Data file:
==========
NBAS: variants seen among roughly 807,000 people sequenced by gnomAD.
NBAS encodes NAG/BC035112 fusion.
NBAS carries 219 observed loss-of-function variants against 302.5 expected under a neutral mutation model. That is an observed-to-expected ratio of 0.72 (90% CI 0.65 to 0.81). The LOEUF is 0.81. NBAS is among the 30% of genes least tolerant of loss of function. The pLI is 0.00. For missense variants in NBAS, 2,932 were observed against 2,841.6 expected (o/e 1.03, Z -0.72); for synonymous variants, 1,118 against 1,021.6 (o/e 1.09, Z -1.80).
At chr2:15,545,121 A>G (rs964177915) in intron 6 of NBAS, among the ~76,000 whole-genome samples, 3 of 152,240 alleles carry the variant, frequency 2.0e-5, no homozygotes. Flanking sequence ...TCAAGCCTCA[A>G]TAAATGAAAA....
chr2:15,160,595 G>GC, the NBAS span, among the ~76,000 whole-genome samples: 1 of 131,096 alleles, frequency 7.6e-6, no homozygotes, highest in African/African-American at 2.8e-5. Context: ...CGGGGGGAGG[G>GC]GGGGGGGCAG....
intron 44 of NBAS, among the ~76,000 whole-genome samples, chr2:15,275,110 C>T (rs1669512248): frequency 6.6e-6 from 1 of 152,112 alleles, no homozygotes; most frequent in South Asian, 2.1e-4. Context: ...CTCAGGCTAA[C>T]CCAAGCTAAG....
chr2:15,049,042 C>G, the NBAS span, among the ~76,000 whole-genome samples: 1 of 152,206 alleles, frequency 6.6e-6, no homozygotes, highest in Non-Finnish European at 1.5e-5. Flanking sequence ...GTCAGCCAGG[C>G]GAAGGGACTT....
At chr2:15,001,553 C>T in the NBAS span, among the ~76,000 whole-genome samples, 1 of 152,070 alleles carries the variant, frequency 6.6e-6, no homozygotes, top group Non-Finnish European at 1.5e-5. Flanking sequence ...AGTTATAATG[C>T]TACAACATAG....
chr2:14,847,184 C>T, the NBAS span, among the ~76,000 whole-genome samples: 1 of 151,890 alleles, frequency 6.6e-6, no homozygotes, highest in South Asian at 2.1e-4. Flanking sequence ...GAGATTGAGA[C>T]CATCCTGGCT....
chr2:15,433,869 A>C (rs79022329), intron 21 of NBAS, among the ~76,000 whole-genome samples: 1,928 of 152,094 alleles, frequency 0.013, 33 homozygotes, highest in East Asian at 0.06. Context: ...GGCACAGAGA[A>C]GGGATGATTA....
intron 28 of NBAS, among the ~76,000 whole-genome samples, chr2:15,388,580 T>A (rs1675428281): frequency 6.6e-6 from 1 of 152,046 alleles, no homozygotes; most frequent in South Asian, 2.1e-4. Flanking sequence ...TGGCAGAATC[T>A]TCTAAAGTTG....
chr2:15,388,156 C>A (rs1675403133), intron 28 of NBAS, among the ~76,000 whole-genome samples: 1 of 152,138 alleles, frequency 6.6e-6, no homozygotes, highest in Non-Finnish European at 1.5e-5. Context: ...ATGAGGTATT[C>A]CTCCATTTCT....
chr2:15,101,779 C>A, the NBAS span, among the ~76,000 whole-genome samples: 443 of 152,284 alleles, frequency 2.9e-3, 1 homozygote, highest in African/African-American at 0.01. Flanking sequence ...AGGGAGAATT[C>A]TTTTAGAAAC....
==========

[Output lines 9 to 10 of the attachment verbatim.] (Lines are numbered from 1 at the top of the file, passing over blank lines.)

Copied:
chr2:14,847,184 C>T, the NBAS span, among the ~76,000 whole-genome samples: 1 of 151,890 alleles, frequency 6.6e-6, no homozygotes, highest in South Asian at 2.1e-4. Flanking sequence ...GAGATTGAGA[C>T]CATCCTGGCT....
chr2:15,433,869 A>C (rs79022329), intron 21 of NBAS, among the ~76,000 whole-genome samples: 1,928 of 152,094 alleles, frequency 0.013, 33 homozygotes, highest in East Asian at 0.06. Context: ...GGCACAGAGA[A>C]GGGATGATTA....